Are mercury fillings safe? Mercury-based fillings have been used by dentists to repair teeth for well over a century. But in recent decades, their use has become controversial due to concerns about exposure to potentially toxic mercury.
In North America, the traditional view is that the advantages of mercury-containing amalgam outweigh any possible health risks, and for this reason, mercury-containing dental amalgams are still widely used because they get SAFER as they get OLDER: Those old fillings you got when you were a kid are safe now because the chemical forms of mercury at the surface of fillings change over time. Researcher Graham George says, "The dental amalgam on the surface of an old tooth filling may have lost as much as 95% of its mercury but what's left is in a form that is unlikely to be toxic in the body."
And going to the dentist isn't just good for your teeth: A new study indicates dentists can prevent bad things from happening by identifying patients at risk of fatal heart attacks and referring them to physicians for further evaluation.
The study followed 200 patients in Sweden whose dentists used a computerized system to calculate the risk of a patient dying from a cardiovascular event within a 10-year period. All 200 patients enrolled in the study were 45 years of age or older with no history of cardiovascular disease. None of them took medications for high blood pressure, high cholesterol or diabetes and they had not visited a physician during the previous year to assess their glucose, cholesterol or blood pressure levels. The dentists took a blood pressure reading, then evaluated their patients' height and weight, and determined whether or not they were smokers, then fed this data into the computer system.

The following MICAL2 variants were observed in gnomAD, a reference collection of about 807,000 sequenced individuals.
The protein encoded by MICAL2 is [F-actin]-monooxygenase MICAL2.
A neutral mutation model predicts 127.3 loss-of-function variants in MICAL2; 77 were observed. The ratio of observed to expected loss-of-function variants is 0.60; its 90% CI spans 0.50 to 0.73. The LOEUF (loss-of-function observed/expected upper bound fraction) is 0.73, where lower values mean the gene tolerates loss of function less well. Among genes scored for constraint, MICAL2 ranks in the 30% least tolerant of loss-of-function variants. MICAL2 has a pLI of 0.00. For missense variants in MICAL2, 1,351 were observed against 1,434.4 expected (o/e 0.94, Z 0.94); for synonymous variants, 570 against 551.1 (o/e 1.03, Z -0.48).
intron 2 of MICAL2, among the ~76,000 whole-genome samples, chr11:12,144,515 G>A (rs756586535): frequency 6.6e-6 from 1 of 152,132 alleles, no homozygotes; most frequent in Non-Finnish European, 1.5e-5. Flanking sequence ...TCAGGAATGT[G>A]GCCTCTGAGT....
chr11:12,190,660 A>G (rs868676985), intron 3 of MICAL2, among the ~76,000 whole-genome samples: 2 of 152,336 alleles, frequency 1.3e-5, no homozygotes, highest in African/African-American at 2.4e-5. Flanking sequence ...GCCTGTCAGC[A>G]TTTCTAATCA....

Twelve patients in the study, all of them men, had HeartScores of 10% or higher, indicating that they were at risk for a heart attack. All the women participating in the study had HeartScores of 5% or less. Of the 12 male patients with HeartScores of 10% or higher, nine sought further evaluation by a medical care provider who decided that intervention was indicated for six of the patients.
According to the researchers, "With emerging data suggesting an association between oral and non-oral diseases, and with the possibility of performing chairside screening tests for diseases such as cardiovascular disease and diabetes, oral health care professionals may find themselves in an opportune position to enhance the overall health and well-being of their patients."
A lot of strange things went on at a lonely little cabin in upstate New York owned by Whitley Strieber. He recently returned there for the first time in over a decade. What happened? How did he feel? Subscribers can listen to him tell all about it. They can also listen to him tell about what's REALLY going to happen in 2012!
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Art credit: Dreamstime.com
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